Film Review: Earth to Echo'Earth to Echo' is a shame-free replication of (or homage to) 'E.T.' and 'Chronicle,' but mainly hits home with its universal worry: What happens when best teen buds are forced to separate?
Set in a middle-class suburb in the Nevada desert, Earth to Echo is the story of three boys who have bonded as misfits, but whose found friendship is threatened when a construction project breaks up their neighborhood. The trio is composed of appealing junior nerd Munch (Reese Hartwig), self-described as an acquired taste, Alex (Teo Halm), and Tuck (Brian “Astro” Bradley). Tuck says he never goes a day without seeing his friends—they’re the only ones who get him. Rounding out memories of Chronicle, Tuck is an African-American, Alex a bit introverted. And for good measure a girl, Emma (Ella Linnea Wahlestedt), is added midway through the film. P.C much?
Signs of trouble show up when the trio’s cellphones start to act weird, throwing up images—they actually call it “barf”—which they decipher into a map. This leads the threesome into the desert: a scary nocturnal trek, and thrilling in a Blair Witch Project kind of way. They suspect that this chaos might have something to do with their forced exit from their homes.
The fellows find the titular Echo, separated from his own outer space origins, who manages to communicate his lost status to Alex. Since Alex is a foster child, they have a built-in affinity. Echo also has the familiar motto of many aliens, “We come as friends.” But you wouldn’t know it from the forces setting out to destroy the little thing.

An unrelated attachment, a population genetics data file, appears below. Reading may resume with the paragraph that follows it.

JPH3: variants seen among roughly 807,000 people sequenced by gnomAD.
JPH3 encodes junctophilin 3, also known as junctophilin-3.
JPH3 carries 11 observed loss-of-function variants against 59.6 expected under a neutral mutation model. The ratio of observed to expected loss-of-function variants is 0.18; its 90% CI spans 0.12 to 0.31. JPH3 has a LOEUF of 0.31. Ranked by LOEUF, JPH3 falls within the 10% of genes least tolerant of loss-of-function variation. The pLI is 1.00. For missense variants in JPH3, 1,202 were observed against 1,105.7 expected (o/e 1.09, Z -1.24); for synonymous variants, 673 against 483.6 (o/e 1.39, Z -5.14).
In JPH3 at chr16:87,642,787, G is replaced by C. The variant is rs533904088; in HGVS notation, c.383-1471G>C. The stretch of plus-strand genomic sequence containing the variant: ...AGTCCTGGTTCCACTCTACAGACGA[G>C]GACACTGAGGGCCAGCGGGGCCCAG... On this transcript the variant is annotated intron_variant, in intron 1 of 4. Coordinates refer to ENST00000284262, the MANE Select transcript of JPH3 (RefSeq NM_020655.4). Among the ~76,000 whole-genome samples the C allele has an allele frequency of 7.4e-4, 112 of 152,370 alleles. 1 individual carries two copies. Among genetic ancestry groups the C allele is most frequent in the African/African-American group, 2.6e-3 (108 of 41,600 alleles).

Making extensive use of apps and tech toys—cellphones, video equipment, goofing on social media and texting—first-time director Dave Green is looking to resonate with youngsters for whom such daily bread is a can’t-do-without. Tuck (familiar to some as the musician Astro) is so intent on making a video of their adventures that he uses multiple cameras; “his” footage—not really, of course—provides a good portion of the movie, earning it the label “teen found footage.” Yet it’s neither recycled nor found. Nor is it a film within a film. And some of the swirly handheld camera work—cinéma-vérité, really—is woozy-making and vertiginous. It’s a relief when practiced cinematographer Maxime Plexandre breaks it up; a shot of some nasty-looking fellows in disguise as construction workers at night is a standout; so is a spectacular spaceship at the end of the film.
The trio’s proclivity for band-of-brothers rescue work is hinted at early on in a Robin Hood poster. But for Echo it’s mainly about homeward longings. Yet how to wrap your emotions around a mechanical little thing: an owl-like creature with—but of course—preternaturally blue eyes and a metal torso which gets more than a few dints in the course of the movie? He’s cute enough, but no Tin Man or even E.T.
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